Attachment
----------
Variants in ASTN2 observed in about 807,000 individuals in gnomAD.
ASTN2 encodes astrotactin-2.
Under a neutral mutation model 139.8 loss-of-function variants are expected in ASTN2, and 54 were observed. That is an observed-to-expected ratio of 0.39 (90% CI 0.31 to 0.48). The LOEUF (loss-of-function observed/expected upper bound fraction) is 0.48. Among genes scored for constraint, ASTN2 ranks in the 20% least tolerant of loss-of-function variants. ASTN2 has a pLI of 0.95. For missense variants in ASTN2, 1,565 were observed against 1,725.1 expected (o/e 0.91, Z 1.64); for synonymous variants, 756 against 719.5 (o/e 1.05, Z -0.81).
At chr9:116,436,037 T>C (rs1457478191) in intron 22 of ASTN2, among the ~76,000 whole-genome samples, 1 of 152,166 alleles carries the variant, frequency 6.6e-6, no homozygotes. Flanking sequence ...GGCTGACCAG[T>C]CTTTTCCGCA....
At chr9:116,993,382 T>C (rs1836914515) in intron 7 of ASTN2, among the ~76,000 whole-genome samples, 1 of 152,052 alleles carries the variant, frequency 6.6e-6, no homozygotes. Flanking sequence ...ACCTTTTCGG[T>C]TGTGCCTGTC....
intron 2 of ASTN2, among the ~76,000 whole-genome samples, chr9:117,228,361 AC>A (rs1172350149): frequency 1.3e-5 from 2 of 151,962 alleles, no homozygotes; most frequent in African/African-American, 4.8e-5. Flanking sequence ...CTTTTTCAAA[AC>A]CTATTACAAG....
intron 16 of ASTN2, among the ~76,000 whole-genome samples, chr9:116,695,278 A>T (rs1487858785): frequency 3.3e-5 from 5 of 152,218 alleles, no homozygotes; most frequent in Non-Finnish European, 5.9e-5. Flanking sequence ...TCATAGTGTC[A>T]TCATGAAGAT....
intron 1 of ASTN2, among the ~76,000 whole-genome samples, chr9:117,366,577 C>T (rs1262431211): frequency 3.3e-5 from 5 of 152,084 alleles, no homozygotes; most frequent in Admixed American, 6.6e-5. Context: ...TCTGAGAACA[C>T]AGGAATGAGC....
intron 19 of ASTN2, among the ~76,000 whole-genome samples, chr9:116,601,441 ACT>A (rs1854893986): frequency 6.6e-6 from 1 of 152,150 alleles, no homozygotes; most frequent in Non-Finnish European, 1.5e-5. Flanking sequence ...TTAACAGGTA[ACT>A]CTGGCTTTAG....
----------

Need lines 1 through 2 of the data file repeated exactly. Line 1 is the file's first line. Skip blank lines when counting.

Variants in ASTN2 observed in about 807,000 individuals in gnomAD.
ASTN2 encodes astrotactin-2.